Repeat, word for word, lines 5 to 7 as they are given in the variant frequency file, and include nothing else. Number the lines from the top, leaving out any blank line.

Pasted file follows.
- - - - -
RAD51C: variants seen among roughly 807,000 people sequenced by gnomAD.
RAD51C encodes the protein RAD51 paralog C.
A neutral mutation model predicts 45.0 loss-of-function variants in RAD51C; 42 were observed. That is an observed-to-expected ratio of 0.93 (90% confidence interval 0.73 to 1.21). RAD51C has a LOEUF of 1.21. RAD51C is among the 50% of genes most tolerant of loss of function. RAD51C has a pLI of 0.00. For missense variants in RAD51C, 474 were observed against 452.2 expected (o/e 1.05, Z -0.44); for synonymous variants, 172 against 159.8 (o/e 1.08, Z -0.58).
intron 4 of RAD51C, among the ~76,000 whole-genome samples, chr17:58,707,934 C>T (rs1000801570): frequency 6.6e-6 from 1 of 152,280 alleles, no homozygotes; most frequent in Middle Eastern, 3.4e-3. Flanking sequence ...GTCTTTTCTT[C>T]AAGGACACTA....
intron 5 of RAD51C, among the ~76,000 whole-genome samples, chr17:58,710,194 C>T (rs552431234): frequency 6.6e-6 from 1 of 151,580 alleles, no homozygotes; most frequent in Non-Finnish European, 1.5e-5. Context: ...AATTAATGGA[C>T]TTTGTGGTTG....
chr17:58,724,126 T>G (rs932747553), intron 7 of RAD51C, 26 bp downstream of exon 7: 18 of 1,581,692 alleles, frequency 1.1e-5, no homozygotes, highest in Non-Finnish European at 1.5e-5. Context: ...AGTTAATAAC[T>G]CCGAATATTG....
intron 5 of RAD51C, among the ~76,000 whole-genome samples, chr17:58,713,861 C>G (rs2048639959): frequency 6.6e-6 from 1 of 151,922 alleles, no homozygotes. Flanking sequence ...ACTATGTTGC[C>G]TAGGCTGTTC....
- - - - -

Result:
intron 5 of RAD51C, among the ~76,000 whole-genome samples, chr17:58,710,194 C>T (rs552431234): frequency 6.6e-6 from 1 of 151,580 alleles, no homozygotes; most frequent in Non-Finnish European, 1.5e-5. Context: ...AATTAATGGA[C>T]TTTGTGGTTG....
chr17:58,724,126 T>G (rs932747553), intron 7 of RAD51C, 26 bp downstream of exon 7: 18 of 1,581,692 alleles, frequency 1.1e-5, no homozygotes, highest in Non-Finnish European at 1.5e-5. Context: ...AGTTAATAAC[T>G]CCGAATATTG....
intron 5 of RAD51C, among the ~76,000 whole-genome samples, chr17:58,713,861 C>G (rs2048639959): frequency 6.6e-6 from 1 of 151,922 alleles, no homozygotes. Flanking sequence ...ACTATGTTGC[C>G]TAGGCTGTTC....